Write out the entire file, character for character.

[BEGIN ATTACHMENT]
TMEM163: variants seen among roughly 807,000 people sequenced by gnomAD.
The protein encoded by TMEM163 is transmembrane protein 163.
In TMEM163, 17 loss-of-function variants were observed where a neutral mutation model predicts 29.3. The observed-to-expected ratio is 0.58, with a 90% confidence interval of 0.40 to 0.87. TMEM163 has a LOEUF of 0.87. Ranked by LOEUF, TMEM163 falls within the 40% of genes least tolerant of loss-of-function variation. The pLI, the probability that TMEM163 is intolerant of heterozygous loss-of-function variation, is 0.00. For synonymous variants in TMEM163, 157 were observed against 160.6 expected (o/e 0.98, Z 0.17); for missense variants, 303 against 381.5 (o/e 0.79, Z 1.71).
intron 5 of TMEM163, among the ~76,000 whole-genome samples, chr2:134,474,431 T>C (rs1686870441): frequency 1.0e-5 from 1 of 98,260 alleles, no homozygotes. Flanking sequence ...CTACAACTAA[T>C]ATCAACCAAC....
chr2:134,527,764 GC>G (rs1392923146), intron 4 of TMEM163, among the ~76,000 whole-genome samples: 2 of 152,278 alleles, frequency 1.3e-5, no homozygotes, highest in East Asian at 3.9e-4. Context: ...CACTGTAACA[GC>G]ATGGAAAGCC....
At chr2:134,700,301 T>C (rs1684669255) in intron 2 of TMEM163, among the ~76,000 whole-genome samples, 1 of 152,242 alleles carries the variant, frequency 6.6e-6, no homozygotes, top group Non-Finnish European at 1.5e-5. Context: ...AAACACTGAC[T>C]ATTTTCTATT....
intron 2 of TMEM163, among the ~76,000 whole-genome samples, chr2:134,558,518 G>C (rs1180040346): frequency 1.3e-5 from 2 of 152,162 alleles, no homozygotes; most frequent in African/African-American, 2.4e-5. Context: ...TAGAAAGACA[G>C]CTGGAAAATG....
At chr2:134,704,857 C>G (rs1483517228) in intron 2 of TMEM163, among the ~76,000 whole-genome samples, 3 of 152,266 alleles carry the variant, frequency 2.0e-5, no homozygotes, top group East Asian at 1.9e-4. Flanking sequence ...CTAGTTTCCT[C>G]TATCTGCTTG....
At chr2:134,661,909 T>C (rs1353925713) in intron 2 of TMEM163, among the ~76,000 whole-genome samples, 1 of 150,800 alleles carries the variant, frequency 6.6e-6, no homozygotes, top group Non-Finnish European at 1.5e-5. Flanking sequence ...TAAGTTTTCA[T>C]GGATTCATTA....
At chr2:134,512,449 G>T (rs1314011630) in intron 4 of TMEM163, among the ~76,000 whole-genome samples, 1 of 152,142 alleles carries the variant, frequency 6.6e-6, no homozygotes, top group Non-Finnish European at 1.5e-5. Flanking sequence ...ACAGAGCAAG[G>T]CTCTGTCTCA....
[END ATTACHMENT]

TMEM163: variants seen among roughly 807,000 people sequenced by gnomAD.
The protein encoded by TMEM163 is transmembrane protein 163.
In TMEM163, 17 loss-of-function variants were observed where a neutral mutation model predicts 29.3. The observed-to-expected ratio is 0.58, with a 90% confidence interval of 0.40 to 0.87. TMEM163 has a LOEUF of 0.87. Ranked by LOEUF, TMEM163 falls within the 40% of genes least tolerant of loss-of-function variation. The pLI, the probability that TMEM163 is intolerant of heterozygous loss-of-function variation, is 0.00. For synonymous variants in TMEM163, 157 were observed against 160.6 expected (o/e 0.98, Z 0.17); for missense variants, 303 against 381.5 (o/e 0.79, Z 1.71).
intron 5 of TMEM163, among the ~76,000 whole-genome samples, chr2:134,474,431 T>C (rs1686870441): frequency 1.0e-5 from 1 of 98,260 alleles, no homozygotes. Flanking sequence ...CTACAACTAA[T>C]ATCAACCAAC....
chr2:134,527,764 GC>G (rs1392923146), intron 4 of TMEM163, among the ~76,000 whole-genome samples: 2 of 152,278 alleles, frequency 1.3e-5, no homozygotes, highest in East Asian at 3.9e-4. Context: ...CACTGTAACA[GC>G]ATGGAAAGCC....
At chr2:134,700,301 T>C (rs1684669255) in intron 2 of TMEM163, among the ~76,000 whole-genome samples, 1 of 152,242 alleles carries the variant, frequency 6.6e-6, no homozygotes, top group Non-Finnish European at 1.5e-5. Context: ...AAACACTGAC[T>C]ATTTTCTATT....
intron 2 of TMEM163, among the ~76,000 whole-genome samples, chr2:134,558,518 G>C (rs1180040346): frequency 1.3e-5 from 2 of 152,162 alleles, no homozygotes; most frequent in African/African-American, 2.4e-5. Context: ...TAGAAAGACA[G>C]CTGGAAAATG....
At chr2:134,704,857 C>G (rs1483517228) in intron 2 of TMEM163, among the ~76,000 whole-genome samples, 3 of 152,266 alleles carry the variant, frequency 2.0e-5, no homozygotes, top group East Asian at 1.9e-4. Flanking sequence ...CTAGTTTCCT[C>G]TATCTGCTTG....
At chr2:134,661,909 T>C (rs1353925713) in intron 2 of TMEM163, among the ~76,000 whole-genome samples, 1 of 150,800 alleles carries the variant, frequency 6.6e-6, no homozygotes, top group Non-Finnish European at 1.5e-5. Flanking sequence ...TAAGTTTTCA[T>C]GGATTCATTA....
At chr2:134,512,449 G>T (rs1314011630) in intron 4 of TMEM163, among the ~76,000 whole-genome samples, 1 of 152,142 alleles carries the variant, frequency 6.6e-6, no homozygotes, top group Non-Finnish European at 1.5e-5. Flanking sequence ...ACAGAGCAAG[G>T]CTCTGTCTCA....